The U.S. real estate market has come a long way since the
mortgage and foreclosure crisis. The national average home price
has risen by about 27% since the lows of early 2012, and many
markets have done even better.
However, most experts are projecting the
market to cool off considerably over the next
year or so
. Many markets are projected to see gains of just a couple
percentage points. And, many markets are expected to actually
decline in value over the next year.
, home values are expected to decline in 23 metropolitan areas in
the United States, and if you want to see how your local market
is projected to perform, check out Zillow's research
and download the complete Zillow Home Value Forecast data.
Here are the 5 metropolitan areas where home values are
expected to decline the most over the next year. If you were
thinking about buying a house in any of these areas, you might
get a better deal if you wait.
6. Ocean City, NJ (Projected 1-Year Decline
The Ocean City Metropolitan Area includes all of Cape May County
in New Jersey, and represents the southernmost coastal area of
the state. The area has a fairly expensive market, with the
average home worth about a half million dollars. New Jersey's
coast, or "the shore" was hit very hard by Hurricane Sandy, and
the recovery has made for a sluggish housing market.
5. Houma, LA (Projected 1-Year Decline: 1.8%)
This relatively small metropolitan area is home to about 60,000
residents. Houma's market has rebounded strongly since the
crisis, and may have come too far, too fast. In fact, the average
home value in Houma is actually more than its pre-crisis
4. Charlottesville, VA (Projected 1-Year Decline:
This area in central Virginia has a population of more than
200,000. Charlottesville actually has a fairly robust market,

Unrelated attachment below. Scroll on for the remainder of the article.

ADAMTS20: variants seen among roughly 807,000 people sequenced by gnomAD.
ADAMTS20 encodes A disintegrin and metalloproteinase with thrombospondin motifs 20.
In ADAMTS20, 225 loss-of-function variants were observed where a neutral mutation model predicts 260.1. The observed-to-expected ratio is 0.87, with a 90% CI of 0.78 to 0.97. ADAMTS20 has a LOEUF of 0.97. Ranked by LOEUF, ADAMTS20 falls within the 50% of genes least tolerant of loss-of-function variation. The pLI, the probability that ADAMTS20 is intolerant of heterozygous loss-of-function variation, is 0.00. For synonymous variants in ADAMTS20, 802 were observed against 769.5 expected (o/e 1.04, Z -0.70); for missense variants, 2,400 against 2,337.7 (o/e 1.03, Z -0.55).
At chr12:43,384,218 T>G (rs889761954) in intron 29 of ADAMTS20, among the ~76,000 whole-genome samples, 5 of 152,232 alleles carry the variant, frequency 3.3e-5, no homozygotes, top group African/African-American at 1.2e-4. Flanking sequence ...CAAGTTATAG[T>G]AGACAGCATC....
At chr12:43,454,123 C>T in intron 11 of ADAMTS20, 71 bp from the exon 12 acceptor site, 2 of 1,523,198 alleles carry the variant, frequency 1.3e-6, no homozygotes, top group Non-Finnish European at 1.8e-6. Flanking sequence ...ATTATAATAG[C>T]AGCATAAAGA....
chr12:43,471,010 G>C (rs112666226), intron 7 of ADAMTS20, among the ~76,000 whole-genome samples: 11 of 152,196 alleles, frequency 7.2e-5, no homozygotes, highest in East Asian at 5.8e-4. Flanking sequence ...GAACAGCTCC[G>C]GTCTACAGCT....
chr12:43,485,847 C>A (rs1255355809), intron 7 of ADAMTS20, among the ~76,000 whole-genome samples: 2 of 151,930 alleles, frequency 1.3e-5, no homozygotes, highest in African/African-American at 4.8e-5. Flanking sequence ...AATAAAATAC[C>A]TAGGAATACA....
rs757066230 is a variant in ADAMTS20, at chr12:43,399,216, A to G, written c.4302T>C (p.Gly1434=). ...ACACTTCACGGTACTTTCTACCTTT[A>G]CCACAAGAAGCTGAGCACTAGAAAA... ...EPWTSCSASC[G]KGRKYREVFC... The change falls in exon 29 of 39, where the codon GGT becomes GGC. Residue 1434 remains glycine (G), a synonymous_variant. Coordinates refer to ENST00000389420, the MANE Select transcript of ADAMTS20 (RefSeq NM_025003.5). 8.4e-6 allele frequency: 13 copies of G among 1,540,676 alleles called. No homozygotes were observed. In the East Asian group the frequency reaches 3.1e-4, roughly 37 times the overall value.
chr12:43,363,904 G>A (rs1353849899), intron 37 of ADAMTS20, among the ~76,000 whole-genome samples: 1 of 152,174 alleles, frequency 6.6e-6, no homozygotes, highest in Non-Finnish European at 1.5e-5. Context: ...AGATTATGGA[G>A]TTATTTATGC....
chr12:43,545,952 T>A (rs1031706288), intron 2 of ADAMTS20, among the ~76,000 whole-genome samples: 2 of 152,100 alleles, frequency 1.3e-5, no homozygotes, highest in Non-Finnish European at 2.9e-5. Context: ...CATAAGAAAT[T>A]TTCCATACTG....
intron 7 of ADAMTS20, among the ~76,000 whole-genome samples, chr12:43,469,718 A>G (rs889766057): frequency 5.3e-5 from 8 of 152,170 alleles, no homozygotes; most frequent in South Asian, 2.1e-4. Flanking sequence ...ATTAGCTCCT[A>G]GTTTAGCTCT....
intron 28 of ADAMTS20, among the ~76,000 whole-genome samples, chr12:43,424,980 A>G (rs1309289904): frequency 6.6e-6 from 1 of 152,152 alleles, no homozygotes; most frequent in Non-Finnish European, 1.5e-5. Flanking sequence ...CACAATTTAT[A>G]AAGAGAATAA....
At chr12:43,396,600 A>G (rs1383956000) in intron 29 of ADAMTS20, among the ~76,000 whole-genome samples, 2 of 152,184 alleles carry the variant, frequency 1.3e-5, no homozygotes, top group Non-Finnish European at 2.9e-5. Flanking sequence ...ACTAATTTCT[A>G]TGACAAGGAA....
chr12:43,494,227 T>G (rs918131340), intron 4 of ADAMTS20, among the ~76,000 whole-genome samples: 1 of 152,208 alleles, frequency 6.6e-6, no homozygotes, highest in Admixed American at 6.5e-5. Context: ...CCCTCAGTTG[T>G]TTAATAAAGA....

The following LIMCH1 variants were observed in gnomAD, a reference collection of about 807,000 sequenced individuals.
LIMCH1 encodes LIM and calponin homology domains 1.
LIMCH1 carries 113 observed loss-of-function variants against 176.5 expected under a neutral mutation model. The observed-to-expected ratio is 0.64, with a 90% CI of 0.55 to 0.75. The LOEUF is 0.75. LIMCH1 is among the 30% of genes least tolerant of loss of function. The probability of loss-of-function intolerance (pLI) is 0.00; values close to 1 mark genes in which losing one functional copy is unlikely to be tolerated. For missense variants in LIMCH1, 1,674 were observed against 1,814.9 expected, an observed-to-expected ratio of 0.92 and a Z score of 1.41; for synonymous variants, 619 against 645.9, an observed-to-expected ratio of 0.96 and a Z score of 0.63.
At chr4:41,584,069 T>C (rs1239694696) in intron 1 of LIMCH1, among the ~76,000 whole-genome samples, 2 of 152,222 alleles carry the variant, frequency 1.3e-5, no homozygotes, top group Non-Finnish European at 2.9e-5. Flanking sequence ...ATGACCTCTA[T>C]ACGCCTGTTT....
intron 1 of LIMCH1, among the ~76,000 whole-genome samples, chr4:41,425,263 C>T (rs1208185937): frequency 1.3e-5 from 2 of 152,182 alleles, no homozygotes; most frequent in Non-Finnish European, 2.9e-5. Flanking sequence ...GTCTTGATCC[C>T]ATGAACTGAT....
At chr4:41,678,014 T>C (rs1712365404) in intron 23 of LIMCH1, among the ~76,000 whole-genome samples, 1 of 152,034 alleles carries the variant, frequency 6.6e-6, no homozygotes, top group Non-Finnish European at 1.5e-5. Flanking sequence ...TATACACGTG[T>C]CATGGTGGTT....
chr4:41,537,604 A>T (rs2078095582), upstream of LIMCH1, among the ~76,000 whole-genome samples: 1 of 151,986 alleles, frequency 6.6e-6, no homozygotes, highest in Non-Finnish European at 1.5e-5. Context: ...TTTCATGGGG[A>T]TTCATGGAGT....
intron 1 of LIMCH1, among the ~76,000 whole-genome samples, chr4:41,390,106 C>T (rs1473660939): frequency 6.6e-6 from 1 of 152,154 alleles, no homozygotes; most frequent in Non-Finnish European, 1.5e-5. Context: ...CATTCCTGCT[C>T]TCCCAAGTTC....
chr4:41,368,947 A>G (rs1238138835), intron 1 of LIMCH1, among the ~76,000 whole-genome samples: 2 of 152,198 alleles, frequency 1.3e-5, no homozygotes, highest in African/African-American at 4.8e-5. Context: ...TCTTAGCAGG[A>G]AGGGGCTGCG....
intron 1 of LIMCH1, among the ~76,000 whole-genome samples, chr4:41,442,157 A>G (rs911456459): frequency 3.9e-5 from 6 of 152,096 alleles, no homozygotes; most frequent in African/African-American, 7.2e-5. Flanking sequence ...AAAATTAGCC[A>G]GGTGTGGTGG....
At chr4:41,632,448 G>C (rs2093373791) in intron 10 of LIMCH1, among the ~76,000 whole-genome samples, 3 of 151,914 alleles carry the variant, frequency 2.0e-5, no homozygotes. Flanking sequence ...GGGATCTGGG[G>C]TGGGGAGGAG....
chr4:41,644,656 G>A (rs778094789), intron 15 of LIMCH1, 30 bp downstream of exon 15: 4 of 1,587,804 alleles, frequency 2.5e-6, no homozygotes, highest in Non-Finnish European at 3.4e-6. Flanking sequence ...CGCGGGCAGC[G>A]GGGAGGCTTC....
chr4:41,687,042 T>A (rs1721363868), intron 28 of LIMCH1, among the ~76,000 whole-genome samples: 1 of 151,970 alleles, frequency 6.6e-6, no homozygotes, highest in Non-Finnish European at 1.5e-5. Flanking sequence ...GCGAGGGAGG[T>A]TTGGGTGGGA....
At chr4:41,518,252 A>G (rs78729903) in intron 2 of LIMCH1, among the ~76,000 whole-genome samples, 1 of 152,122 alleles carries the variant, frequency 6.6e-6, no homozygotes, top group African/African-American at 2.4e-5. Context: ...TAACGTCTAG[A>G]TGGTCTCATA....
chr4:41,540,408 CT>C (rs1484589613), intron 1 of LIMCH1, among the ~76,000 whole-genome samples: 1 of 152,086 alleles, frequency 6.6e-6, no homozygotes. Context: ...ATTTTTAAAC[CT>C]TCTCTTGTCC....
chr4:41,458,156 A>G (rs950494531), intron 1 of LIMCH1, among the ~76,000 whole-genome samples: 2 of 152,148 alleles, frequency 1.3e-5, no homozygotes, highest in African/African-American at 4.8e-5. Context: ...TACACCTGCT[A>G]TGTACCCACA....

with far fewer underwater mortgages and delinquent homeowners
than the U.S. average. However, the average listing price has
risen more than 22% in the last 18 months alone, leaving the
market due for a pullback.
3. Cape Cod, MA (Projected 1-Year Decline: 2%)
Cape Cod still has a ways to go to rebound from the housing
crash, but it doesn't look like it's going to happen anytime
soon. The area's home values are still well below the pre-crisis
peaks, but after a strong performance in 2013, home values have
already started to fall in 2014.
flickr/Phillip Capper de Wellington
2. Baton Rouge, LA (Projected 1-Year Decline:
Baton Rouge has a relatively inexpensive market with an
average home value of $138,400. Home values in the area barely
budged during the crash, but increased over the past few years
along with most of the rest of the U.S. In fact, Baton Rouge home
values are 5% higher than the pre-crisis peak.
1. Kingston, NY (Projected 1-Year Decline:
According to Zillow, Kingston has one of the least-healthy
real estate markets in the United States. About 24% of Kingston's
homeowners are underwater on their mortgage, meaning they owe
more than the home is worth. And, 14% of all mortgages on
Kingston homes are currently in some stage of delinquency. A
flood of foreclosures is never good for home prices, and with
such a high delinquency rate, it looks like Kingston is heading
in that direction.
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originally appeared on Fool.com.
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